What Financial Records Should You Keep?
- Wednesday, September 28, 2011
My husband and I have accumulated lots of financial statements and records from past years. We need to get rid of the old paperwork, but I don’t know where to start. Which records do we pitch and which ones do we keep?
Getting organized can seem overwhelming. But it doesn’t need to be. Since you and your husband may have different opinions on what to keep and what not to keep, you can work together to clean out the files. In addition, you don’t need to do it all at one time.
Set aside a few days or weekends to sort through the papers together. As you organize your papers, sort them into three groups: what you will 1) keep, 2) throw away, and 3) shred. Documents with personal information should be shredded.
Get rid of the following old papers:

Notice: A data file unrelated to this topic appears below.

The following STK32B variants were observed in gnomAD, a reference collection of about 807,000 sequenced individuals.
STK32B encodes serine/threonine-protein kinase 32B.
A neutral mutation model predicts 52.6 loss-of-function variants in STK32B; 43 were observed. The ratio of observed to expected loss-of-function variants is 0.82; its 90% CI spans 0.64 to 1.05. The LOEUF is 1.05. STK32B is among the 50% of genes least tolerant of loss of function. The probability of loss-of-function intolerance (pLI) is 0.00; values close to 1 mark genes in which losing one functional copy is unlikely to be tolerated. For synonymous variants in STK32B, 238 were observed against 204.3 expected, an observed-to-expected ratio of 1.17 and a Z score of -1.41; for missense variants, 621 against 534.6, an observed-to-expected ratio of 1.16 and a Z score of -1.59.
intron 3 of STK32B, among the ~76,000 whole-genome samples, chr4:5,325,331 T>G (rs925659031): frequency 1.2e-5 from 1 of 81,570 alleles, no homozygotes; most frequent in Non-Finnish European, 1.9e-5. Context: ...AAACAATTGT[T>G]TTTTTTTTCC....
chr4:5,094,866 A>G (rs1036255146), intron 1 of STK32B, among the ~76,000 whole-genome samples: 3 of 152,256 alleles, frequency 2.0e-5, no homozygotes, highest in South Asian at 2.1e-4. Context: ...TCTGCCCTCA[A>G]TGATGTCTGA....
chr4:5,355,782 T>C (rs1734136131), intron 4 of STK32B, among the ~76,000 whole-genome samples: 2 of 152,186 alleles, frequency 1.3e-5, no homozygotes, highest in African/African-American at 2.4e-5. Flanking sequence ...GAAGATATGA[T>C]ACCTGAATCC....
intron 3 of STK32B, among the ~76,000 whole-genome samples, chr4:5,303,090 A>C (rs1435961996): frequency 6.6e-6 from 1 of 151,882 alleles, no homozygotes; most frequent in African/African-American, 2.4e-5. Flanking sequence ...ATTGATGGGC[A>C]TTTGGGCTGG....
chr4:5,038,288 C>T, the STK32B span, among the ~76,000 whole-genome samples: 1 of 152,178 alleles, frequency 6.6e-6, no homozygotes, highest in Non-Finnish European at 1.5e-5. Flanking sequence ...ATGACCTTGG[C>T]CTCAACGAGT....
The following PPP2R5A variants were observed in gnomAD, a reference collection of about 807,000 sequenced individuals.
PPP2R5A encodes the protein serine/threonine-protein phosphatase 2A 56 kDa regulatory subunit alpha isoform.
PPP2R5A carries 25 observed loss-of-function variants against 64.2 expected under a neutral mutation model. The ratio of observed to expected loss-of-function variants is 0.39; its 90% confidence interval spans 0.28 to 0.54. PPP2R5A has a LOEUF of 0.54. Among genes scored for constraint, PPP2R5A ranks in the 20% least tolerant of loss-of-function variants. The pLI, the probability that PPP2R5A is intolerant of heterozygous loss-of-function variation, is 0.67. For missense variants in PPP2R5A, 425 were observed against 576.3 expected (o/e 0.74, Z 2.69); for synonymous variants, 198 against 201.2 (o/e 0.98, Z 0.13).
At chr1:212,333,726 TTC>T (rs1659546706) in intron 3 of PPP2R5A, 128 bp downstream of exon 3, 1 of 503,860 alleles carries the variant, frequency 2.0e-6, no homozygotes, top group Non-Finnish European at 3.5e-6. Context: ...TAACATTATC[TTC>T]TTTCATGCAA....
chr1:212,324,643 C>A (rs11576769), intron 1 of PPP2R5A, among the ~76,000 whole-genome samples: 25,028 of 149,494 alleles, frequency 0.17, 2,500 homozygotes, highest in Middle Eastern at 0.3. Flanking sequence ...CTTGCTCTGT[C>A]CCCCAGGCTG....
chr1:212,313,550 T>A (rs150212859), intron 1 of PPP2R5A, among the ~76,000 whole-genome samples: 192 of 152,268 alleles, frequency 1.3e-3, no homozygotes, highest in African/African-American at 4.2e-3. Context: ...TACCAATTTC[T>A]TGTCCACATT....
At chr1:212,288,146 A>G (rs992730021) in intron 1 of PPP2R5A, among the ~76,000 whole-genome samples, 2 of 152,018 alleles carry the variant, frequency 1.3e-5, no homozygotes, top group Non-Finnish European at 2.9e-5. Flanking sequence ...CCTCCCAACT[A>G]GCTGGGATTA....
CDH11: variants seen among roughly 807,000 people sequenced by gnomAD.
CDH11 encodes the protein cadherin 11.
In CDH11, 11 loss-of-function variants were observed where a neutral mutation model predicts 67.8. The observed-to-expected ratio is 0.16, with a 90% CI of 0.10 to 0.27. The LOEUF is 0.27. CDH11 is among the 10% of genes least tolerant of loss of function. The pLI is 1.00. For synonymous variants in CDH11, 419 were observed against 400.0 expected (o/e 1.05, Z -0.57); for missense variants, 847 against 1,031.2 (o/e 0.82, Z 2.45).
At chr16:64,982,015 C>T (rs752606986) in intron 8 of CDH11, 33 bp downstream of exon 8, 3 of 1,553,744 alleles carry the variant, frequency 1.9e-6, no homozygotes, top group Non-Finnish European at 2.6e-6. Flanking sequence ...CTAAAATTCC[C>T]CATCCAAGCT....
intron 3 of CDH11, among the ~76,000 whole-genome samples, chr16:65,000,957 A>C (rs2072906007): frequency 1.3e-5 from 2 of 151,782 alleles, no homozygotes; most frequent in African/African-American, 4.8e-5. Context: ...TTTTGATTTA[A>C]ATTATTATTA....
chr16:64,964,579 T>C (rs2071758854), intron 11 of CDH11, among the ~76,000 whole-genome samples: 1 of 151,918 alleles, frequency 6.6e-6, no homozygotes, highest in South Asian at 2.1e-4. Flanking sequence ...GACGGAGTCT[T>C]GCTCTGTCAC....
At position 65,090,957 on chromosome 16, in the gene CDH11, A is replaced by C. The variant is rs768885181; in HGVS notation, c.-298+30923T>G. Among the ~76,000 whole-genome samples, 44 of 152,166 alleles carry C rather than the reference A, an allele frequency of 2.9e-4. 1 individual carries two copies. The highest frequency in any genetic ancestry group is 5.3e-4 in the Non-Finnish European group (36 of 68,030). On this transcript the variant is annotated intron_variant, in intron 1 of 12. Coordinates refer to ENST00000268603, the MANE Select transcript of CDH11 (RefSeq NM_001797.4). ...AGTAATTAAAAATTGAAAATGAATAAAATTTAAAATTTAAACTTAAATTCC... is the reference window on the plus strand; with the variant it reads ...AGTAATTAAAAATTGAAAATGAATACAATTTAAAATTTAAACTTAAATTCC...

1. Outdated annual reports from mutual funds, stocks and/or retirement accounts
2. Outdated investment newsletters
3. Brokerage statements for closed tax years
4. Bank statements, cancelled checks and credit card statements for closed tax years
(Note: The statute of limitations is three years for income tax returns. Save your tax records for seven years if you are claiming losses from worthless securities).
5. Insurance policies that have been cancelled
6. Health insurance policies and cards that have expired
7. Wills or trusts that are outdated
8. Warranties that have expired
9. Outdated instruction manuals
Once you’ve discarded the old and outdated papers, it will be easier to organize the remaining records. Use a filing system where information and documents are easy to find and to store. Get started now and enjoy a more organized home!
Copyright 2011 Deborah Nayrocker. All rights reserved. Permission to reprint required.
Deborah Nayrocker writes on personal money management topics, showing others how to take control of their financial future. An award-winning writer, Deborah is the author of The Art of Debt-Free Living and the Bible study Living a Balanced Financial Life. Her Web site is www.ArtofDebt-FreeLiving.com.
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